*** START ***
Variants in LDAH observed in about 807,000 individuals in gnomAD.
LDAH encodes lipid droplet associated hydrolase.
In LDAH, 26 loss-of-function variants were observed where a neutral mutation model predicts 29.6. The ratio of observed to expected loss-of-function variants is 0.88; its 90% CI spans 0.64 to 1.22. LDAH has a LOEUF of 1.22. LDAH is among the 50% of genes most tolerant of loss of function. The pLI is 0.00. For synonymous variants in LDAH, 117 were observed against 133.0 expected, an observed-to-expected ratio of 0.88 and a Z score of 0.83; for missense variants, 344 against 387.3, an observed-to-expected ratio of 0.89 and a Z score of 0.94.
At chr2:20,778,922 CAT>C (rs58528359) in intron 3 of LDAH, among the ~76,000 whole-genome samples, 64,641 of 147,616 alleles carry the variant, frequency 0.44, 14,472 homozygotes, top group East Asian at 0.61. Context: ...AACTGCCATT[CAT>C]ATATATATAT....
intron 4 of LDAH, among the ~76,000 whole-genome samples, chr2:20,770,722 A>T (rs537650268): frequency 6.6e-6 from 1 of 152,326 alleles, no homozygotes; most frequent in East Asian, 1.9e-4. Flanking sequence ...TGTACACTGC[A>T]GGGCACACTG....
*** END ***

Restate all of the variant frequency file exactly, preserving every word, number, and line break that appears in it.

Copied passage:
Variants in LDAH observed in about 807,000 individuals in gnomAD.
LDAH encodes lipid droplet associated hydrolase.
In LDAH, 26 loss-of-function variants were observed where a neutral mutation model predicts 29.6. The ratio of observed to expected loss-of-function variants is 0.88; its 90% CI spans 0.64 to 1.22. LDAH has a LOEUF of 1.22. LDAH is among the 50% of genes most tolerant of loss of function. The pLI is 0.00. For synonymous variants in LDAH, 117 were observed against 133.0 expected, an observed-to-expected ratio of 0.88 and a Z score of 0.83; for missense variants, 344 against 387.3, an observed-to-expected ratio of 0.89 and a Z score of 0.94.
At chr2:20,778,922 CAT>C (rs58528359) in intron 3 of LDAH, among the ~76,000 whole-genome samples, 64,641 of 147,616 alleles carry the variant, frequency 0.44, 14,472 homozygotes, top group East Asian at 0.61. Context: ...AACTGCCATT[CAT>C]ATATATATAT....
intron 4 of LDAH, among the ~76,000 whole-genome samples, chr2:20,770,722 A>T (rs537650268): frequency 6.6e-6 from 1 of 152,326 alleles, no homozygotes; most frequent in East Asian, 1.9e-4. Flanking sequence ...TGTACACTGC[A>T]GGGCACACTG....